American religious leaders on Tuesday castigated Donald Trump for posing in front of a church holding a Bible after peaceful protesters were violently cleared from the surrounding area.
"It was traumatic and deeply offensive, in the sense that something sacred was being misused for a political gesture," Washington's Episcopal Bishop Mariann Budde said on public radio station NPR.
The Republican billionaire, whose supporters include many evangelical Christians, used "the symbolic power of our sacred text, holding it in his hand as if it was a vindication of his positions and his authority," she said.
The historic St John's Episcopal church is across the street from Lafayette Park, which faces the White House and has been the epicenter of the protests in Washington since Friday.
The church was defaced with graffiti and damaged in a fire during a demonstration on Sunday night.
On Monday protesters were demonstrating there peacefully when law enforcement including military police used tear gas to disperse them -- clearing a path for the president to walk from the White House to the church for the photographs.
The protest was televised, and the backlash as the images spread was swift and furious.
"The protest at that point was entirely peaceful," Budde said. "There was absolutely no justification for this."
Trump on Monday adopted a martial tone in a nationwide address he delivered just before the church visit, in which he threatened a military crackdown after the biggest civil unrest in decades.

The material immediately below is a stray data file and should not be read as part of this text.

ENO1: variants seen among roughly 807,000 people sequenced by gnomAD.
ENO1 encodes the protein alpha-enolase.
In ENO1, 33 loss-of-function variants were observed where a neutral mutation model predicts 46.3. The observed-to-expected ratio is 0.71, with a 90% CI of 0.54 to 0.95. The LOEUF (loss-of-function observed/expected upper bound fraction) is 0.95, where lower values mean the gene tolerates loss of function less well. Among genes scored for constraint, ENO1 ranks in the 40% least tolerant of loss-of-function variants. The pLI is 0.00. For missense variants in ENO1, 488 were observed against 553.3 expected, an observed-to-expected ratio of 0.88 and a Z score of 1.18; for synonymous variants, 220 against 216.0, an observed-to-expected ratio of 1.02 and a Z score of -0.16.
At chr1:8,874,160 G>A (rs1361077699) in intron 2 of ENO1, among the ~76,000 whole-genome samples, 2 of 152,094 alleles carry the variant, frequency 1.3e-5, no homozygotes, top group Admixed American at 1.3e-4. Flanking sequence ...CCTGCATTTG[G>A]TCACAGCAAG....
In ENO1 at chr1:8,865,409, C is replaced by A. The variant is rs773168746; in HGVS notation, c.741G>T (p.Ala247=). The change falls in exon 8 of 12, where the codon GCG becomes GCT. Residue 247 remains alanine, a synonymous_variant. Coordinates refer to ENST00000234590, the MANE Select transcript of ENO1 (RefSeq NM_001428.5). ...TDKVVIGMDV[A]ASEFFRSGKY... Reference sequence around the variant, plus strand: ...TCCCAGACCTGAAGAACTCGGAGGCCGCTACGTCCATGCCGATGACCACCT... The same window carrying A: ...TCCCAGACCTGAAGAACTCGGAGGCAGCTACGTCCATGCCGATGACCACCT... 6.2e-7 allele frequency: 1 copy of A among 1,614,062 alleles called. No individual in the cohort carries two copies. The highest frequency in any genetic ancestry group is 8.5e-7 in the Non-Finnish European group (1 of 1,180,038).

Hundreds of thousands of people have been demonstrating their anger since the May 25 death of George Floyd, a 46-year-old African-American man killed by police in Minneapolis.
The gatherings have been largely peaceful, but some have degenerated in to riots.
Other Episcopalian leaders denounced Trump's visit to the church as "disgraceful and morally repugnant."
"Simply by holding aloft an unopened Bible he presumed to claim Christian endorsement and imply that of The Episcopal Church," bishops from New England said in a statement.
On Tuesday the president and his wife followed up with a visit to the St John Paul II National Shrine in the capital's northeast, immediately infuriating the country's Catholic leadership as well.
"I find it baffling and reprehensible that any Catholic facility would allow itself to be so egregiously misused and manipulated in a fashion that violates our religious principles," Washington's Archbishop Wilton Gregory said in a statement.
The pontiff, who died in 2005, "certainly would not condone the use of tear gas and other deterrents to silence, scatter or intimidate them for a photo opportunity in front of a place of worship and peace," he added.